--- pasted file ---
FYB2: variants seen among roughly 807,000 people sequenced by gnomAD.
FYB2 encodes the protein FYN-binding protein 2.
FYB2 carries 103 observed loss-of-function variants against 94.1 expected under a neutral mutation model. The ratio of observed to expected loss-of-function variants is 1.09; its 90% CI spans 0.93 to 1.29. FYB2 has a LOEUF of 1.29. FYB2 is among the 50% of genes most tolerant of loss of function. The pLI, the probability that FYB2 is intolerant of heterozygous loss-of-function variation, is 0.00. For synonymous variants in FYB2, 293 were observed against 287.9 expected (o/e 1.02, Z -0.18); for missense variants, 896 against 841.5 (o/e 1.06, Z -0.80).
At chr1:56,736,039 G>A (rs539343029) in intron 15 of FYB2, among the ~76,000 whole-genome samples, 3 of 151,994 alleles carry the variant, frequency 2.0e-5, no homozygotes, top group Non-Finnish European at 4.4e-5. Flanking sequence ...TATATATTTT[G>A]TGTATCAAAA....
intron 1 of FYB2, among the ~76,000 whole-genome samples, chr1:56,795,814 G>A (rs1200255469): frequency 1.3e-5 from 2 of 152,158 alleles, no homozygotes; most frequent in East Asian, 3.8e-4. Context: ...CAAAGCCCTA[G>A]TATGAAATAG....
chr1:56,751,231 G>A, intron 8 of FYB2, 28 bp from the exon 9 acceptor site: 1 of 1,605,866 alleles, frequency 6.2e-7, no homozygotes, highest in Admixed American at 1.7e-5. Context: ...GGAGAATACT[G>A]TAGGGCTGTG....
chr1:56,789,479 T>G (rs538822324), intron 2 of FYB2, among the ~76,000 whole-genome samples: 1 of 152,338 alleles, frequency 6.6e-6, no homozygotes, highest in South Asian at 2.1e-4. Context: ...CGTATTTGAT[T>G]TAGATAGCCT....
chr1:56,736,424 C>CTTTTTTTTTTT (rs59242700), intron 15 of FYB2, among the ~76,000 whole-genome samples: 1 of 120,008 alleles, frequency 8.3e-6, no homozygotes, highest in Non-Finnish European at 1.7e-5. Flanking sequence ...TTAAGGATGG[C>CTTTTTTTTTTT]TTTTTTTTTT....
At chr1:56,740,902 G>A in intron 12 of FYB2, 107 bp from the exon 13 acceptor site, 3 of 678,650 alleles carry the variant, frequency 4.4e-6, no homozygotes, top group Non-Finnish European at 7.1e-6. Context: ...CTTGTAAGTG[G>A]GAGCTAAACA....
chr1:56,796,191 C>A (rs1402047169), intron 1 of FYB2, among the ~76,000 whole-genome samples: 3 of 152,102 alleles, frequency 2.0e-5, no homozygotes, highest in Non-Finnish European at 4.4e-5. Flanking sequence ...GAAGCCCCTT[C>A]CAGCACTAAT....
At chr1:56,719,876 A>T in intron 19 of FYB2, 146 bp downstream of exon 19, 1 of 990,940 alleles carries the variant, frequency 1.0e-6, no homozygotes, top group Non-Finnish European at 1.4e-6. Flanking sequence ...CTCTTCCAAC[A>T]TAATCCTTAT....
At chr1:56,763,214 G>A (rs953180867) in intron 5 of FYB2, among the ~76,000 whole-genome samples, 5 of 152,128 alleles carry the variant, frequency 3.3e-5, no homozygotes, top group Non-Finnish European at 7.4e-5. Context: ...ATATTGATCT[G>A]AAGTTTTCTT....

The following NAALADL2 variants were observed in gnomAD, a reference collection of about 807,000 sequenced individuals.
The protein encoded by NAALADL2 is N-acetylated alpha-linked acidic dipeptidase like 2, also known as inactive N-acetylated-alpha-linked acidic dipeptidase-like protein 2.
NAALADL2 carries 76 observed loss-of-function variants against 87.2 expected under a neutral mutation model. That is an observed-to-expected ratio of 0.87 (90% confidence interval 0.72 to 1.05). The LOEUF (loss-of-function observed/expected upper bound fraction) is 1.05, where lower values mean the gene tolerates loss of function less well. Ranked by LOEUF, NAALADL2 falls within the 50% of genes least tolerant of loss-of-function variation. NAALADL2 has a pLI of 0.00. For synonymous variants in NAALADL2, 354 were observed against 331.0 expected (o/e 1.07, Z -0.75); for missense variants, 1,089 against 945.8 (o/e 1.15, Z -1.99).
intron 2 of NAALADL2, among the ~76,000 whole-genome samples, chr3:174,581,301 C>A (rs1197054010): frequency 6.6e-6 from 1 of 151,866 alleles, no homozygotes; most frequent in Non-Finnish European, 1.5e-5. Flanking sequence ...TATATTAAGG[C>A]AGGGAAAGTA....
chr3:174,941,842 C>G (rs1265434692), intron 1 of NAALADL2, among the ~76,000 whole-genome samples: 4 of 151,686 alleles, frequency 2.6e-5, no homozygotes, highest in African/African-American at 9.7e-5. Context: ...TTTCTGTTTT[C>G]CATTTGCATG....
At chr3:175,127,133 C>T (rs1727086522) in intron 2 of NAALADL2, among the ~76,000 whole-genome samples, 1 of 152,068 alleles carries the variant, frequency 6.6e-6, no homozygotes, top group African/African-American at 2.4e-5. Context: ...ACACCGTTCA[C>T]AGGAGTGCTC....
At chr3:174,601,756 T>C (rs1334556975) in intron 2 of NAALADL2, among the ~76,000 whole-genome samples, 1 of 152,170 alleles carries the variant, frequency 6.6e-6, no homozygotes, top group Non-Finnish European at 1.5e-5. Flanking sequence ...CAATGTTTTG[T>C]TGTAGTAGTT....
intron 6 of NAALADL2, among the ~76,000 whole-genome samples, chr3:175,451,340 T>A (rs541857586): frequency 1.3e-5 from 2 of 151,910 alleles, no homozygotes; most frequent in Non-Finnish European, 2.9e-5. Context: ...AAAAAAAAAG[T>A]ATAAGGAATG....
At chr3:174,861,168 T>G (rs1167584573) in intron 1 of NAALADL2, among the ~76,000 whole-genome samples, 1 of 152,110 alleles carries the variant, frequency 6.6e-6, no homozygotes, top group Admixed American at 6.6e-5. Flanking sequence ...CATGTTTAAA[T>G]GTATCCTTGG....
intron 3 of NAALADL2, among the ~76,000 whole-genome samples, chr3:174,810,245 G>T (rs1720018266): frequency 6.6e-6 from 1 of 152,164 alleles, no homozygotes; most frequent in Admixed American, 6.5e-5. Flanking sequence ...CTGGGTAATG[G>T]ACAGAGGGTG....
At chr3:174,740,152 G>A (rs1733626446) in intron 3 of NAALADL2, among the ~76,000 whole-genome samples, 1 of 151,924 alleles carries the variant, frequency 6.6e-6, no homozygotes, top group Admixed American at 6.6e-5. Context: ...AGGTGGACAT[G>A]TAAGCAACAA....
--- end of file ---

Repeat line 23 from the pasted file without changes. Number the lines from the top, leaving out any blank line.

At chr3:174,740,152 G>A (rs1733626446) in intron 3 of NAALADL2, among the ~76,000 whole-genome samples, 1 of 151,924 alleles carries the variant, frequency 6.6e-6, no homozygotes, top group Admixed American at 6.6e-5. Context: ...AGGTGGACAT[G>A]TAAGCAACAA....